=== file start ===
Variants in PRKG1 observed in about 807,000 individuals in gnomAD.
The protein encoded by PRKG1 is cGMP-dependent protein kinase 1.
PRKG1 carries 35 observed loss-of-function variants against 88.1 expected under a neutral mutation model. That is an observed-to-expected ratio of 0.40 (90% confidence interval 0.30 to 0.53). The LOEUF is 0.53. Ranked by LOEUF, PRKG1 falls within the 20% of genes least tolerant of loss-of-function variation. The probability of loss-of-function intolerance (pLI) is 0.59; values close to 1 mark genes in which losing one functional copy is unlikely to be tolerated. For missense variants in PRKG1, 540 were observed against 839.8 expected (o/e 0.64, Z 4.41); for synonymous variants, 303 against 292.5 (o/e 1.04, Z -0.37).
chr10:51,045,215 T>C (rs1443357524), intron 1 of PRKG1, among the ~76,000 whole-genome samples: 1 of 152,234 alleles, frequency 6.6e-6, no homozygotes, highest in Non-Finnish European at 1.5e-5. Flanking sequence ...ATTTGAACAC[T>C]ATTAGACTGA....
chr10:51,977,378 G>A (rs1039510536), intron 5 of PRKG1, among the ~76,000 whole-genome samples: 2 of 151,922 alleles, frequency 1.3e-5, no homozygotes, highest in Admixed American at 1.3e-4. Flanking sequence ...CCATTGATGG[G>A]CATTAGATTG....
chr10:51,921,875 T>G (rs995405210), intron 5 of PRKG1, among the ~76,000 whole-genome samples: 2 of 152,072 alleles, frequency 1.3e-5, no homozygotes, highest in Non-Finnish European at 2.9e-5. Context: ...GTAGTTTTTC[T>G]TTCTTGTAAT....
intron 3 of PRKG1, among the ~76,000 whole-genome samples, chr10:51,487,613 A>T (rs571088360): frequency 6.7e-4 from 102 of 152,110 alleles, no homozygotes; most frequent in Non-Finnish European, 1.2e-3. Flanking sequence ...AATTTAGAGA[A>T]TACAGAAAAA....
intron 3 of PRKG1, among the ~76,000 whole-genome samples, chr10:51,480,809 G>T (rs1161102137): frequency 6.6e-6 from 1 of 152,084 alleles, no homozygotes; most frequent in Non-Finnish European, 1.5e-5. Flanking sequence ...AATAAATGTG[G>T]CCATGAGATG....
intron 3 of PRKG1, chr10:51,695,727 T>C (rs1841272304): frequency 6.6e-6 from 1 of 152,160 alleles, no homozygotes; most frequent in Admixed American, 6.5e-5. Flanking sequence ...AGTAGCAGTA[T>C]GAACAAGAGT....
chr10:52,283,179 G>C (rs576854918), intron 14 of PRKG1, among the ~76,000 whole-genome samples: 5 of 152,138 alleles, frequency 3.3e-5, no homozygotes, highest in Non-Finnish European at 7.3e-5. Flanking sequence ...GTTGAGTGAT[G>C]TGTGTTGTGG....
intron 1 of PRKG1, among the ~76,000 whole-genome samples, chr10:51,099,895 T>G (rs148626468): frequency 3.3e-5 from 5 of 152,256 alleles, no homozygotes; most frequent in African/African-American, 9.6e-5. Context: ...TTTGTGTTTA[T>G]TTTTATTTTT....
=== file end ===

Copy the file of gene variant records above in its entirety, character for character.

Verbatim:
Variants in PRKG1 observed in about 807,000 individuals in gnomAD.
The protein encoded by PRKG1 is cGMP-dependent protein kinase 1.
PRKG1 carries 35 observed loss-of-function variants against 88.1 expected under a neutral mutation model. That is an observed-to-expected ratio of 0.40 (90% confidence interval 0.30 to 0.53). The LOEUF is 0.53. Ranked by LOEUF, PRKG1 falls within the 20% of genes least tolerant of loss-of-function variation. The probability of loss-of-function intolerance (pLI) is 0.59; values close to 1 mark genes in which losing one functional copy is unlikely to be tolerated. For missense variants in PRKG1, 540 were observed against 839.8 expected (o/e 0.64, Z 4.41); for synonymous variants, 303 against 292.5 (o/e 1.04, Z -0.37).
chr10:51,045,215 T>C (rs1443357524), intron 1 of PRKG1, among the ~76,000 whole-genome samples: 1 of 152,234 alleles, frequency 6.6e-6, no homozygotes, highest in Non-Finnish European at 1.5e-5. Flanking sequence ...ATTTGAACAC[T>C]ATTAGACTGA....
chr10:51,977,378 G>A (rs1039510536), intron 5 of PRKG1, among the ~76,000 whole-genome samples: 2 of 151,922 alleles, frequency 1.3e-5, no homozygotes, highest in Admixed American at 1.3e-4. Flanking sequence ...CCATTGATGG[G>A]CATTAGATTG....
chr10:51,921,875 T>G (rs995405210), intron 5 of PRKG1, among the ~76,000 whole-genome samples: 2 of 152,072 alleles, frequency 1.3e-5, no homozygotes, highest in Non-Finnish European at 2.9e-5. Context: ...GTAGTTTTTC[T>G]TTCTTGTAAT....
intron 3 of PRKG1, among the ~76,000 whole-genome samples, chr10:51,487,613 A>T (rs571088360): frequency 6.7e-4 from 102 of 152,110 alleles, no homozygotes; most frequent in Non-Finnish European, 1.2e-3. Flanking sequence ...AATTTAGAGA[A>T]TACAGAAAAA....
intron 3 of PRKG1, among the ~76,000 whole-genome samples, chr10:51,480,809 G>T (rs1161102137): frequency 6.6e-6 from 1 of 152,084 alleles, no homozygotes; most frequent in Non-Finnish European, 1.5e-5. Flanking sequence ...AATAAATGTG[G>T]CCATGAGATG....
intron 3 of PRKG1, chr10:51,695,727 T>C (rs1841272304): frequency 6.6e-6 from 1 of 152,160 alleles, no homozygotes; most frequent in Admixed American, 6.5e-5. Flanking sequence ...AGTAGCAGTA[T>C]GAACAAGAGT....
chr10:52,283,179 G>C (rs576854918), intron 14 of PRKG1, among the ~76,000 whole-genome samples: 5 of 152,138 alleles, frequency 3.3e-5, no homozygotes, highest in Non-Finnish European at 7.3e-5. Flanking sequence ...GTTGAGTGAT[G>C]TGTGTTGTGG....
intron 1 of PRKG1, among the ~76,000 whole-genome samples, chr10:51,099,895 T>G (rs148626468): frequency 3.3e-5 from 5 of 152,256 alleles, no homozygotes; most frequent in African/African-American, 9.6e-5. Context: ...TTTGTGTTTA[T>G]TTTTATTTTT....